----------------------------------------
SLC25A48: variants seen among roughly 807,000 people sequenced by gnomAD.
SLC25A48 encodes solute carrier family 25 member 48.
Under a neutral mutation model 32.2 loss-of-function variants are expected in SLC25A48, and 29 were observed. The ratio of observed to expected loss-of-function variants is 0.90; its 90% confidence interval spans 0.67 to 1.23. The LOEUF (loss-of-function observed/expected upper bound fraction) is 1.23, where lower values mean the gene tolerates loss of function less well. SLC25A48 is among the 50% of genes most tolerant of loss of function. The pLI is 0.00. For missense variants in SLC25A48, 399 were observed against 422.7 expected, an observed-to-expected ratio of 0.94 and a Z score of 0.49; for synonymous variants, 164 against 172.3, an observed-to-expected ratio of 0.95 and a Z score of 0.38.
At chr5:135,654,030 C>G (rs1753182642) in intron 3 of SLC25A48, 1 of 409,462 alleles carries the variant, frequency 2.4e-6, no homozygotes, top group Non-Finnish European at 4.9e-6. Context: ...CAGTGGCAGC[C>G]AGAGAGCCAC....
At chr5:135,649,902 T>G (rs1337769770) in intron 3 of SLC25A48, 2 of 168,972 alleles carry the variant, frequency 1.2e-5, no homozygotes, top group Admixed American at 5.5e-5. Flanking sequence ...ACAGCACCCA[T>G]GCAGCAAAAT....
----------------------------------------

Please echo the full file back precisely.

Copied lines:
SLC25A48: variants seen among roughly 807,000 people sequenced by gnomAD.
SLC25A48 encodes solute carrier family 25 member 48.
Under a neutral mutation model 32.2 loss-of-function variants are expected in SLC25A48, and 29 were observed. The ratio of observed to expected loss-of-function variants is 0.90; its 90% confidence interval spans 0.67 to 1.23. The LOEUF (loss-of-function observed/expected upper bound fraction) is 1.23, where lower values mean the gene tolerates loss of function less well. SLC25A48 is among the 50% of genes most tolerant of loss of function. The pLI is 0.00. For missense variants in SLC25A48, 399 were observed against 422.7 expected, an observed-to-expected ratio of 0.94 and a Z score of 0.49; for synonymous variants, 164 against 172.3, an observed-to-expected ratio of 0.95 and a Z score of 0.38.
At chr5:135,654,030 C>G (rs1753182642) in intron 3 of SLC25A48, 1 of 409,462 alleles carries the variant, frequency 2.4e-6, no homozygotes, top group Non-Finnish European at 4.9e-6. Context: ...CAGTGGCAGC[C>G]AGAGAGCCAC....
At chr5:135,649,902 T>G (rs1337769770) in intron 3 of SLC25A48, 2 of 168,972 alleles carry the variant, frequency 1.2e-5, no homozygotes, top group Admixed American at 5.5e-5. Flanking sequence ...ACAGCACCCA[T>G]GCAGCAAAAT....